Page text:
These data reaffirm old source-stud truism– a blanket trust in the reliability of the documents produced by central authorities without critical collation with the primary materials of lower administrative tiers distorts scholarly “optics”.
Last but not least, escapes hardly constituted the main source of understatements for yet uncounted GULAG-related deaths. The most important statistical factor that supressed registered mortality was medical release (so-called “aktirovka”) Terminally ill invalids, discharged early on medical grounds, died soon after release, but camp doctors deliberately excluded these fatalities from medical registries to create a success story for internal reports. If one day access to local GULAG archives improves, assiduous scholars would be able to piece together and factor in all these understatements (escapes, medical releases and several others). Then, we certainly will arrive at a higher number of GULAG-related deaths than the central statistics, published in the early 1990s, indicated.
 V.N. Zemskov, ‘Arkhipelag GULAG: glazami pisatelia i statistika’, Argumenty i fakty, 45,1989 ; ‘Zakliuchennye, spetsposelentsy, ssyl’noposelentsy, ssyl’nye i vyslannye’, Istoriia SSSR, no.5 ( 1991):151–165 ; ‘GULAG (istoriko–sotsiologicheskii aspekt)’, Sotsiologicheskie issledovaniia, no. 6 (1991): 10–27 and no.7 (1991): 3–16.
Zemskov, ‘Politicheskie repressii v SSSR (1917—1990)’, Rossiia XXI, No 1–2 (1994):119; Zemskov, Stalin I narod. Pochemu ne bylo vosstania (Moscow: Algoritm, 2014), 83–84; A.I.Kokurin, and Iu. N. Morukov, Svobodnaia mysl’, XXI, vol.10 (2000):114–115; M.Iu.Morukov, Pravda GULAGa iz kruga pervogo (Moscow: Algoritm, 2006), 183–184.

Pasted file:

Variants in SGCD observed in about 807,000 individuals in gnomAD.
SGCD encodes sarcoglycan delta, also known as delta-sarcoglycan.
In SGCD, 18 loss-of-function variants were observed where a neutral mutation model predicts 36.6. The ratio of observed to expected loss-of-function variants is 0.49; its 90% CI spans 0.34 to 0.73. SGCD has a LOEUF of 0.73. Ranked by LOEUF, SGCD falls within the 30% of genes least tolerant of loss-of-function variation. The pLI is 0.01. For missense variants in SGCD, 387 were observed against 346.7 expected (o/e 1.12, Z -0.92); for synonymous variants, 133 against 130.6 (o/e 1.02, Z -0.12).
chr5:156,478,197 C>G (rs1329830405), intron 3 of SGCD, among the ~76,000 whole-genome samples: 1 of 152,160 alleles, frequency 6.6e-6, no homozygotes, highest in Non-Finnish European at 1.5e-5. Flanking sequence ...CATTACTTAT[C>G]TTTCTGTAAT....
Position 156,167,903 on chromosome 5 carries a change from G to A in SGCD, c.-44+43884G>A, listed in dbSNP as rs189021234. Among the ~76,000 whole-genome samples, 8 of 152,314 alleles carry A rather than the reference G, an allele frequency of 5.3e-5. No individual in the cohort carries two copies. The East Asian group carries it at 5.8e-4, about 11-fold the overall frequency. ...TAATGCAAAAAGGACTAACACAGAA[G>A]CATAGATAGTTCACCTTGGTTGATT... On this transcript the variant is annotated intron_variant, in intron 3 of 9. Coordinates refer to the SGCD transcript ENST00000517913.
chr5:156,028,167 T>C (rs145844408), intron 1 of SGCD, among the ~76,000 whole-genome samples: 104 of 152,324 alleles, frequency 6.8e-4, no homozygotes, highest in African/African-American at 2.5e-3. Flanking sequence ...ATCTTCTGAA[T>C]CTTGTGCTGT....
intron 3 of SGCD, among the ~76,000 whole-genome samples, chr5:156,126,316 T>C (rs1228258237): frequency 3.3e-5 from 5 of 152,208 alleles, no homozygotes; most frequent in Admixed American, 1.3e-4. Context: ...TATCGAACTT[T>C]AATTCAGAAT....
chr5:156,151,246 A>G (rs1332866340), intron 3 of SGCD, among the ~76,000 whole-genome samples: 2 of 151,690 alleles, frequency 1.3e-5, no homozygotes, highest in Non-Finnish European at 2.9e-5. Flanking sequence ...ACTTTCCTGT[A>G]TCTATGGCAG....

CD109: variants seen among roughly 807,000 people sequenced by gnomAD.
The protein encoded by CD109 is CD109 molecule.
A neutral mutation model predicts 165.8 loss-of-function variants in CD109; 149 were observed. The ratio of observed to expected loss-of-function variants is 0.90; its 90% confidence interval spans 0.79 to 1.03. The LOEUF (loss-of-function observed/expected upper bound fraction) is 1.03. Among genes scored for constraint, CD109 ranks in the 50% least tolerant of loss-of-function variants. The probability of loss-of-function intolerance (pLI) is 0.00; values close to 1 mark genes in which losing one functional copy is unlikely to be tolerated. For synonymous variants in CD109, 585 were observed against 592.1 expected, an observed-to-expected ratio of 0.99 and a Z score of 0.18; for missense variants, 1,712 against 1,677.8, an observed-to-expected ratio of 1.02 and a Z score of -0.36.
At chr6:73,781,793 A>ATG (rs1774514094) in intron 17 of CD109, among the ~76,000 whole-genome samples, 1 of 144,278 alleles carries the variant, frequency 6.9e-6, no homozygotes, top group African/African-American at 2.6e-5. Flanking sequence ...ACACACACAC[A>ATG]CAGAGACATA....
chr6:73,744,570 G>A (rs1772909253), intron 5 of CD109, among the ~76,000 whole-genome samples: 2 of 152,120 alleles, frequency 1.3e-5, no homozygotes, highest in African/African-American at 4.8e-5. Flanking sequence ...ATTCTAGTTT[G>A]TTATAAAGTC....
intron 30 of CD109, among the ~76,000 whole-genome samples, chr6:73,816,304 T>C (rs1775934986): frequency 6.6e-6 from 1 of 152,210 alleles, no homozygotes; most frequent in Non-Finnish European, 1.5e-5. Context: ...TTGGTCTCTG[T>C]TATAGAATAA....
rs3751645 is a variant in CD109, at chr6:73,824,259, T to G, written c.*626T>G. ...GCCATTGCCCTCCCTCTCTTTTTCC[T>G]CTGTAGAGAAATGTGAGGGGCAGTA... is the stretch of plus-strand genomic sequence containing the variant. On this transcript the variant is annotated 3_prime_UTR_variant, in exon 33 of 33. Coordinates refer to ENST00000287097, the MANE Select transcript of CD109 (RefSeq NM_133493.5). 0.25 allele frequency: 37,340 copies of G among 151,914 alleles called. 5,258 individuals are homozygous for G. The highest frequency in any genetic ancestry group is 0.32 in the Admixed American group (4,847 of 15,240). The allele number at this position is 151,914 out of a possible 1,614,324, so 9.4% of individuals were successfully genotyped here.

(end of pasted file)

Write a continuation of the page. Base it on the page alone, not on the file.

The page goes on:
Zemskov, ‘Politicheskie repressii v SSSR (1917—1990)’, Rossiia XXI, No 1–2 (1994):119.
 Zemskov, “O podlinnosti statisticheskoi otchetnosti GULAGa”, Sotsiologicheskie issledovaniia, No.6 (1992): 155-156.
 For instance, Zemskov’s monograph on special settlers (Spetsposelentsy v SSSR, 1930-1960. Moskva: Nauka, 2003) contained only one fond in bibliography section dealing with personal files of special settlers from Arkhangel’skaia oblast, but never statistical agencies.
 Zemskov, ‘K voprosu o mashtabakh repressii v SSSR’, Sotsiologicheskie issledovania, no.9 (1995): 126.
 Zemskov, Stalin I narod. Pochemu ne bylo vosstania (Moscow: Algoritm, 2014).
 Zemskov, Stalin I narod. Pochemu ne bylo vosstania (Moscow: Algoritm, 2014)
 Back in 1996 Stephen Wheatcroft presciently proposed “a maximum camp death rate”, which “includes recorded deaths, uncaptured runaways and disappearances in transit. Not all of these categories would cover deaths, but many would”. See Stephen Wheatcroft, “The Scale and Nature of German and Soviet Repression and Mass Killings, 1930–45”. Europe-Asia Studies. 48 (8), 1996, 1337.
 See Golfo Alexopoulos. Illness and Inhumanity in Stalin’s Gulag. New Haven, CT: Yale University Press, 2017; Nakonechnyi, Mikhail ‘Factory of invalids’: Mortality, disability and early release on medical grounds in GULAG, 1930-1955 [PhD thesis]. (University of Oxford, 2020); Nakonechnyi, M. “They won’t survive for long”: Soviet officials on medical release procedure”. In A. Barenberg, & E. Johnson (Eds.), Rethinking the Gulag: Sources, Identities, Legacies, (Indiana University Press, forthcoming, March 2022).